Blog Assignment #1

I don’t remember what I wrote on my sheet, but here are two educational topics that interest me and some potential hypotheses.

1. HR and higher education
I have worked in some kind of an HR capacity for over ten years, and with my current job, I do a lot of reporting so I get to see how things like salaries affect faculty performance as well as student success. I have been reading the VCU Quest for Distinction for work and one of the tenents is “hire better faculty for less competitive pay” and that blew my mind. How does that work? It seems to be the opposite of what I’ve learned with my HR training. I think it would be interesting to research the kind of faculty one gets for less pay–why do they do it, where did they go to school, do they stay?  I would propose that paying faculty less would get younger, less experienced, non-tenured faculty members who use the institution as a training ground then leave for more pay. I could quantify things like retention %, pay and previous experience. I think the independent variables would be compensation and experience and the dependent variable would be retention percentage or even student achievement if I decide to do that.  I’m interested in quantifying DFW (drop/fail/withdrawal) rates for both this idea and the second one.

2. Online Education
The Summer Studies Office is under the Vice Provost for Instruction, who is also in charge of the new Online Instruction department, so this is a topic that is very close to me. I often provide reports for the Vice Provost in regards to online classes–how many, what departments, how fast did they fill up. .The President seems to really be pushing this model, mainly because it’s revenue-generating and classes can often be taught by adjuncts, who are paid less and don’t have benefits. I would like to examine the benefits of online education–does it contribute to student success? Are students engaged, do they retain the information? I am not sure which way this will go until I do a little more research about it, but my hypothesis would be something like “Online classes have a positive/negative effect on student engagement and success.” The independent variable is the type of instruction and the dependent variables are the amount of engagement and success that occur as a result.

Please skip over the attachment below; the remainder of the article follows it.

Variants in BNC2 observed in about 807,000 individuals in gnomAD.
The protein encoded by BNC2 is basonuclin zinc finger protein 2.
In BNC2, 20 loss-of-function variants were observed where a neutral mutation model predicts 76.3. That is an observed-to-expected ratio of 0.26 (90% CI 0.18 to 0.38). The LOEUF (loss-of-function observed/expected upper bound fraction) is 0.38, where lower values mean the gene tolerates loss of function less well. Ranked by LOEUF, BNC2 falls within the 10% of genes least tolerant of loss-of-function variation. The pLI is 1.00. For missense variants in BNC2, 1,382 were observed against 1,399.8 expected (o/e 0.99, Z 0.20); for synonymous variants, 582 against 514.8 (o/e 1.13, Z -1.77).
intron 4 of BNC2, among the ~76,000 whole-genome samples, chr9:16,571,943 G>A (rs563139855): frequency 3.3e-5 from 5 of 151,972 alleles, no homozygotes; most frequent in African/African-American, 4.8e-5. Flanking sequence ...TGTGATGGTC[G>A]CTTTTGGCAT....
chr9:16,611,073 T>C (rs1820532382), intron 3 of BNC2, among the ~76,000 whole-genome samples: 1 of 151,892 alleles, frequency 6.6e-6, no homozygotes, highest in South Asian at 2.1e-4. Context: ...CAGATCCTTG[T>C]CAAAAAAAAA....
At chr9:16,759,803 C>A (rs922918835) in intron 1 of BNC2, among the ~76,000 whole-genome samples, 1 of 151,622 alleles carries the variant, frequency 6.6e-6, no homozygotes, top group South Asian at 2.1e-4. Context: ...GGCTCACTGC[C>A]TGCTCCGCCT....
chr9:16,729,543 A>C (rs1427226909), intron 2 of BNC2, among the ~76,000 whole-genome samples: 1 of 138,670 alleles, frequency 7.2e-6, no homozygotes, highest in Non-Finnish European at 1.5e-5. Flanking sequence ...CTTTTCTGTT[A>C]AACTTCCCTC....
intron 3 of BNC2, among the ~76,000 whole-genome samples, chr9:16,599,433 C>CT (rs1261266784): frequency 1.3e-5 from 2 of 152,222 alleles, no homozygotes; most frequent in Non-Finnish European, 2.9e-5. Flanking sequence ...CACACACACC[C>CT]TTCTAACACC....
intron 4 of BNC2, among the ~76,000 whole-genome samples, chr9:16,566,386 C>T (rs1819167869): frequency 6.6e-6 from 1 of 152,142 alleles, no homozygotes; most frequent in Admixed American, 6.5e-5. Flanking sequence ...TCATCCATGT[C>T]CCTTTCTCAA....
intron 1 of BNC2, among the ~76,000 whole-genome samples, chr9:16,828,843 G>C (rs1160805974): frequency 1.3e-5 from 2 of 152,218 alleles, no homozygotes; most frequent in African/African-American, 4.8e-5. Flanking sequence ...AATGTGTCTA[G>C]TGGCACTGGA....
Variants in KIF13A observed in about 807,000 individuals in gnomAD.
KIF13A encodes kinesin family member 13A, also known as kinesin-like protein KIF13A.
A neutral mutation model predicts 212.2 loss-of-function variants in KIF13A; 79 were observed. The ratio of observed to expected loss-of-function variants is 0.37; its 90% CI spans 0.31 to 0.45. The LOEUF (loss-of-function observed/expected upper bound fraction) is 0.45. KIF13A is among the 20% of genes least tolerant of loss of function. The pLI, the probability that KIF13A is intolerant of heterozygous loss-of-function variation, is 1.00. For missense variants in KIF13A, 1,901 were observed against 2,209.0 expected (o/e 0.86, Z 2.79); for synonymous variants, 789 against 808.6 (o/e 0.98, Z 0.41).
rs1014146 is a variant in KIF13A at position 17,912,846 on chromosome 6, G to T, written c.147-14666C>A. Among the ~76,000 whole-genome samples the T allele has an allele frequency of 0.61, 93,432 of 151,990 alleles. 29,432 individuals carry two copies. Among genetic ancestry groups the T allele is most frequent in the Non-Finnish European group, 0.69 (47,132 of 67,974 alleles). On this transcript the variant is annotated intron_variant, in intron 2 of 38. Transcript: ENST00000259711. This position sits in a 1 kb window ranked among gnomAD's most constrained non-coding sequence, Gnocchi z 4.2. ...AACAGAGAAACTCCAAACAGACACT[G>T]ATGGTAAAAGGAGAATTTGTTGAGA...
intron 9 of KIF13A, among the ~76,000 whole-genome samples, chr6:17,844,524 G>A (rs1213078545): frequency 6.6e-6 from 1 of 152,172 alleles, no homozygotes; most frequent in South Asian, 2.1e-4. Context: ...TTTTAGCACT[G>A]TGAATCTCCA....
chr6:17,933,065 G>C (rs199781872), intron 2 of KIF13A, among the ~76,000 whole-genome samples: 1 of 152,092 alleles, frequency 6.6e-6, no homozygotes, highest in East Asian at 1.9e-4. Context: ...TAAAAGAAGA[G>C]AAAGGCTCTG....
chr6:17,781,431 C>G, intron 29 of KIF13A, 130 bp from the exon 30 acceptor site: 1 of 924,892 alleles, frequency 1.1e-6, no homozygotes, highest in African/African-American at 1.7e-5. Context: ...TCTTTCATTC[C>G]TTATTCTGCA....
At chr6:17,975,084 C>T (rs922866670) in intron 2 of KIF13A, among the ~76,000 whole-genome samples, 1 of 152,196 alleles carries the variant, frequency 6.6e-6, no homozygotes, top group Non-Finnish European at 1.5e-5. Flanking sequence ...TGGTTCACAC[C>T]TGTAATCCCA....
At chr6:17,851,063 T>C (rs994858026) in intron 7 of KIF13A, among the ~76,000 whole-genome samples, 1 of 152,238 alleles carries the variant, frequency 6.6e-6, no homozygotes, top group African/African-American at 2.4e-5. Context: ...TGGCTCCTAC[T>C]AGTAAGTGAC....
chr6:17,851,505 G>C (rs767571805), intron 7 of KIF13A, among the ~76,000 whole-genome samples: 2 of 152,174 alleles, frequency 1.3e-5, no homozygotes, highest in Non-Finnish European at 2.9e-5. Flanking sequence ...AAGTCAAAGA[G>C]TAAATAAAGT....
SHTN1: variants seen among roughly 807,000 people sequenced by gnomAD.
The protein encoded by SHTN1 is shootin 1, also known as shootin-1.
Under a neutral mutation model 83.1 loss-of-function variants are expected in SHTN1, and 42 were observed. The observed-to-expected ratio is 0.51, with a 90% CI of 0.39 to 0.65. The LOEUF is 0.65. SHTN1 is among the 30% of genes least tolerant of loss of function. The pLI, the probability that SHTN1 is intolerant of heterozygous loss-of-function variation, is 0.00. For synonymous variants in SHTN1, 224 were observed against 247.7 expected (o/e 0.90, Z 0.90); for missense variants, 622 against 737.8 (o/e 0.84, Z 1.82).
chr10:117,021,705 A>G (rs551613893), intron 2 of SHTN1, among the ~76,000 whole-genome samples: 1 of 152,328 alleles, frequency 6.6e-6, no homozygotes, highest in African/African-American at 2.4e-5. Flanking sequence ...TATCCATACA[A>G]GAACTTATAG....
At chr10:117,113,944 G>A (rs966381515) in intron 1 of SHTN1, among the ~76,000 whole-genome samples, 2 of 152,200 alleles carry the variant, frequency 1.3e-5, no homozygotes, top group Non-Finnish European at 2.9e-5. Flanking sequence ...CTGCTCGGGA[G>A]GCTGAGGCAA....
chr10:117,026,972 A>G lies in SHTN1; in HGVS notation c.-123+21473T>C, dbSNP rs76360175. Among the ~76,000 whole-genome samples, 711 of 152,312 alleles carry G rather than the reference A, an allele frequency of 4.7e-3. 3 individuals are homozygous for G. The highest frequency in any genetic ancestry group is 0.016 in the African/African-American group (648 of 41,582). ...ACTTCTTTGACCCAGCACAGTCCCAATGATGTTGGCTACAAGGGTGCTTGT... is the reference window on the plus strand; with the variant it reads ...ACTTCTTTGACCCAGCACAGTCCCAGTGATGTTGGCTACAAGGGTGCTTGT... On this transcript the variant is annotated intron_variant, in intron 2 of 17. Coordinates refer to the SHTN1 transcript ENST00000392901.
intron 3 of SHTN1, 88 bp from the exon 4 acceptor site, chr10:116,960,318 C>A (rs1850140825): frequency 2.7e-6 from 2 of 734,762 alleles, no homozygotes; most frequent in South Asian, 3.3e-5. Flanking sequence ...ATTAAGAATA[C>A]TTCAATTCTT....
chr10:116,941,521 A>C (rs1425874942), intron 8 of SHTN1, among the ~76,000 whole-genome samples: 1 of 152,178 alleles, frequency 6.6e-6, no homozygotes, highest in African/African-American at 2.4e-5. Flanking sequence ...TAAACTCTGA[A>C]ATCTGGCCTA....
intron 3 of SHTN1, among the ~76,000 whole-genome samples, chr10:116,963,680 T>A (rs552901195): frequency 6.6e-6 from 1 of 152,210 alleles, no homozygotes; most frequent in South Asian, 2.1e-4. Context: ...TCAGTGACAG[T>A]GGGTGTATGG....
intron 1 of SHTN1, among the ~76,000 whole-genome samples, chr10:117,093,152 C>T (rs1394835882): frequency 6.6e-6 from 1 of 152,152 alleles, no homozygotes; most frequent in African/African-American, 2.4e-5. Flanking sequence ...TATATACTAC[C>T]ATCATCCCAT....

I have not made the final decision on what I plan to write about. I think this will change with more research. I have never studied education before and this is my first graduate class, so I’m finding it difficult to come up with ideas and also understand the examples in our textbook. I am looking forward to doing more research–I’ve looked a bit on the VCU Library’s website.

—Melissa

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One thought on “Blog Assignment #1

  1. Melissa, you’re not giving yourself enough credit. As someone who deals with data (and questions about data) on a daily basis, you have a head start over the students whose primary experience is education. Research in education and the social sciences is not all that different from research in business/organizational leadership. Your first research problem is right on target. You’ve laid out the context, the goals, and the significance very nicely. You’ve also conceptualized it as a quantitative problem, which probably fits, but there’s a little room to come at it from a more general or qualitative angle if you were leaning toward a more open or exploratory question. As a side note, I think the statement “hire better faculty for less competitive pay” is an acknowledgement that the university does not have the funds it needs to recruit and retain the kind of faculty it desires. Having worked in the Provost’s Office for several years, I can say with certainty that the administration actually wants more money for faculty salaries, but they know they won’t get it from the state anytime soon.

    I like your second research problem a lot. There are many questions surrounding online education, and you are wise to wait until you’ve reviewed some of the literature before formulating a question. There’s room to approach it from either direction (qualitative or quantitative), and it’s not necessary to have a directional hypothesis.

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